Rep. Sam Johnson, one of the more extreme theocrats in the House, is still trying to pass a bill that would make religious oaths mandatory for all military personnel. He submitted this bill in response to a decision by the Air Force to make saying “so help me God” optional when officers are being sworn in. He defends it with the usual lies and bad arguments.
In response to the U.S. Air Force Academy’s unilateral decision to make the phrase, ‘so help me God’ of the Cadet Honor Oath optional, I introduced H.R. 3416, a bill that would require congressional approval prior to any change to Oaths of Office. I was joined by original co-sponsor Congressman Pete Olson (TX-22).
Our Founding Fathers declared we are, “One nation under God,” and you better believe I’ll fight like mad to keep it that way.
No, they didn’t. That phrase came from Congress in 1954, more than a century and a half after the founding fathers wrote the constitution. A constitution, by the way, that explicitly makes illegal religious tests for holding any public office, including military commissions.
I can tell you from experience, there are no atheists in foxholes.
The existence of actual living, breathing atheists in foxholes notwithstanding, of course. Those people magically disappear the moment Johnson declares that they do not exist.
I spent nearly 7 years as a Prisoner of War (POW) in Vietnam – more than half of that time in solitary confinement. Our captors tried to break our spirits daily. One year, a group of POWs in the prison we dubbed the Hanoi Hilton decided to defy our captors and hold a church service. They hated that we found unity and strength in God and one another. As armed guards surrounded us, a fellow POW pounced onto the poor excuse for a bed and belted out the national anthem and “God Bless America.” I remember how the magnitude of the moment and the magic of the music overpowered any illness or ache. For a fleeting time, we felt strong and faithful. It was truly the greatest gift each of us had during those endless days of torture, isolation, and starvation. It’s not only my experience, but that of my fellow POWs, veterans, and those currently in harm’s way that make “so help me God” vital to the oath. I urge my colleagues to join this effort to protect the legacy of freedom of religion.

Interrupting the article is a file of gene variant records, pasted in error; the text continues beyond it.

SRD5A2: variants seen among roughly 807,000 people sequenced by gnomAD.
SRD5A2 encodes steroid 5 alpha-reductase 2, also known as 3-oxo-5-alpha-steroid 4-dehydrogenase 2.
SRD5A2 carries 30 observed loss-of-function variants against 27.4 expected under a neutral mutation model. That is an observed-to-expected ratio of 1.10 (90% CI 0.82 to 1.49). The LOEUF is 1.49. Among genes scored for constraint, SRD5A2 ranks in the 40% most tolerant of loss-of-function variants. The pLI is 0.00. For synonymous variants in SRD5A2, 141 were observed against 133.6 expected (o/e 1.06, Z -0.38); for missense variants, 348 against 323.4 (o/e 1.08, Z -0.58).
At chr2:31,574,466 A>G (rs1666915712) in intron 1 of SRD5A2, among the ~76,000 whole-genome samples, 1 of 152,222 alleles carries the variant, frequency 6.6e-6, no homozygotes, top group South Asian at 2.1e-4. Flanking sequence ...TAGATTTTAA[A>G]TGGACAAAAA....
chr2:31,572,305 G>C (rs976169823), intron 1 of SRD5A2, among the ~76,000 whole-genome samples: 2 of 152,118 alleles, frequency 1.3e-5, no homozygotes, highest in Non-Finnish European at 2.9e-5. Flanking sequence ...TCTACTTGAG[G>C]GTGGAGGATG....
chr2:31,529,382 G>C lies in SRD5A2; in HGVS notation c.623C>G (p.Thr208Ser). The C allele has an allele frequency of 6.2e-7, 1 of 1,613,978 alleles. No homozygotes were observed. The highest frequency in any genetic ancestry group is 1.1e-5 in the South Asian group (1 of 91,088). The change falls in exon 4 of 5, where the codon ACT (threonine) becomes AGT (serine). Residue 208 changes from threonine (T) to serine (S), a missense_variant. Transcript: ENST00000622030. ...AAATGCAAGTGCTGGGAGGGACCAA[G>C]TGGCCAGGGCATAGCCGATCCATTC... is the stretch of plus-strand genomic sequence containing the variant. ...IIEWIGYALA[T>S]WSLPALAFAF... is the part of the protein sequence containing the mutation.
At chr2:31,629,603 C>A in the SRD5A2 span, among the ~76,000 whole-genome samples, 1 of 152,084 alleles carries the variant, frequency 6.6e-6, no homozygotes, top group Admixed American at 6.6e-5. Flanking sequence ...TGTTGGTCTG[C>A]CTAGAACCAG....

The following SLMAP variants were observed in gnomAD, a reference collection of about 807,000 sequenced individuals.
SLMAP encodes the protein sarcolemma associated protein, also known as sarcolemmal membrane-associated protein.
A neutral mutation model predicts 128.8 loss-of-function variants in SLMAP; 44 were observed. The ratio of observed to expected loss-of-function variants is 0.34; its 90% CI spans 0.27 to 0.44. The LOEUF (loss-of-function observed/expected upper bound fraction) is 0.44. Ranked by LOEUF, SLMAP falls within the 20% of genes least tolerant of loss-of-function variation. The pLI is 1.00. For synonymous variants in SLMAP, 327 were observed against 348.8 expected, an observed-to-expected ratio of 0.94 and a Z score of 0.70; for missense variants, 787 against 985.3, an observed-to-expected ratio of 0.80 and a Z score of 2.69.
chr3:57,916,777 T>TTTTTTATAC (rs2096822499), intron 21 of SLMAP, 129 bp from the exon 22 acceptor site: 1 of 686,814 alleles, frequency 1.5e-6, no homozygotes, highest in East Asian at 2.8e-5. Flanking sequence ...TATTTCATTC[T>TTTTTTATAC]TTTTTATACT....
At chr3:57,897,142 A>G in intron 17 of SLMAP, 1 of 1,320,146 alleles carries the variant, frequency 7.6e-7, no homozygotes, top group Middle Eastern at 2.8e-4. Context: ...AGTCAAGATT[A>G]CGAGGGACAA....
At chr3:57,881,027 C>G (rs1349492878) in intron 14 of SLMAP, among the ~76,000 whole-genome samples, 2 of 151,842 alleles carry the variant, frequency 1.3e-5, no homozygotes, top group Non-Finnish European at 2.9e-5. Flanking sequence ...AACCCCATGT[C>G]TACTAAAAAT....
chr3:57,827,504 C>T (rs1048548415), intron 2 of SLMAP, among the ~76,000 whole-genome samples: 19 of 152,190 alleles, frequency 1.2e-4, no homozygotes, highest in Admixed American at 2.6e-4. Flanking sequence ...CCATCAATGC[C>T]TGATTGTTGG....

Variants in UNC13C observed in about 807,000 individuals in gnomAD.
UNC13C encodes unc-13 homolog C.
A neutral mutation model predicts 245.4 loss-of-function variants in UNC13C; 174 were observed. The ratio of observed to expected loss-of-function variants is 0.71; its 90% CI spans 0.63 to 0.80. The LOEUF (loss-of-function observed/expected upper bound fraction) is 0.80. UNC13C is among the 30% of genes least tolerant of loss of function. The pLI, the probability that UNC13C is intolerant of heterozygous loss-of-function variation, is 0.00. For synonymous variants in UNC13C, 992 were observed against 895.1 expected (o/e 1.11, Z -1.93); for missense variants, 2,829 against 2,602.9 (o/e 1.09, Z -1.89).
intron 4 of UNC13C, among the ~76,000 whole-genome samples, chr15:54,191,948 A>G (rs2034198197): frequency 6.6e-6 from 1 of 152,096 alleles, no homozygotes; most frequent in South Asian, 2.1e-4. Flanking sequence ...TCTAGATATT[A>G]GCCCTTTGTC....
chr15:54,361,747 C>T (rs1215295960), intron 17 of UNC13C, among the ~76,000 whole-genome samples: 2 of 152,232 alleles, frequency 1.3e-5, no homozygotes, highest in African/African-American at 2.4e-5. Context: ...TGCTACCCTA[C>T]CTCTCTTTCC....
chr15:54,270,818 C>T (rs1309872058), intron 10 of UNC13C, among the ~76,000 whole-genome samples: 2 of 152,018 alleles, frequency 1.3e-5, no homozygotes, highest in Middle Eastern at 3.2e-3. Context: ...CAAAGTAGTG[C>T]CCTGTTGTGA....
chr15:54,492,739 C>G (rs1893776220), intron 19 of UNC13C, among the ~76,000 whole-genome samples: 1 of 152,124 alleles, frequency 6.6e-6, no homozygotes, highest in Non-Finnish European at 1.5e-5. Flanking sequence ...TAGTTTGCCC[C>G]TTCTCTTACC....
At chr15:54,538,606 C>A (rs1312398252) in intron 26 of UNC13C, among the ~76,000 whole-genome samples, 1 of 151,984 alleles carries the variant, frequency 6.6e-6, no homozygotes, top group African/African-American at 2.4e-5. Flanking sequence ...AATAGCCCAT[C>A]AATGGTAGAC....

1. Singing God Bless America helped me emotionally when I was a POW.
2. Therefore every military officer should be forced to swear an oath to God even if they don’t believe in that God, so we should require them to lie to become an officer.
How on earth does that conclusion follow from that premise? Only in the mind of a wingnut.
“It was disheartening to see the Air Force Academy succumb to anti-religious zealotry from the Military Religious Freedom Foundation (MRFF),” Pete Olson said. “As a former Navy pilot, I can speak to the value of allowing God to be present for our military men and women.”
Uh, what? If officers are allowed to omit “so help me God” from their oaths, God can’t be “present” for them or any other member of the military? That’s quite a weak god you’ve got there, indistinguishable from a non-existent one.
The military personnel being trained to defend the rights of Americans should be able to exercise their religious convictions by affirming their oath with so help me God.
You mean like they are? See, that’s what “optional” means. It means they have the option of saying it. No one is preventing them from saying it. The only ones whose religious freedom is being violated are those you want to force to say it. Thinking is clearly not their strong suit.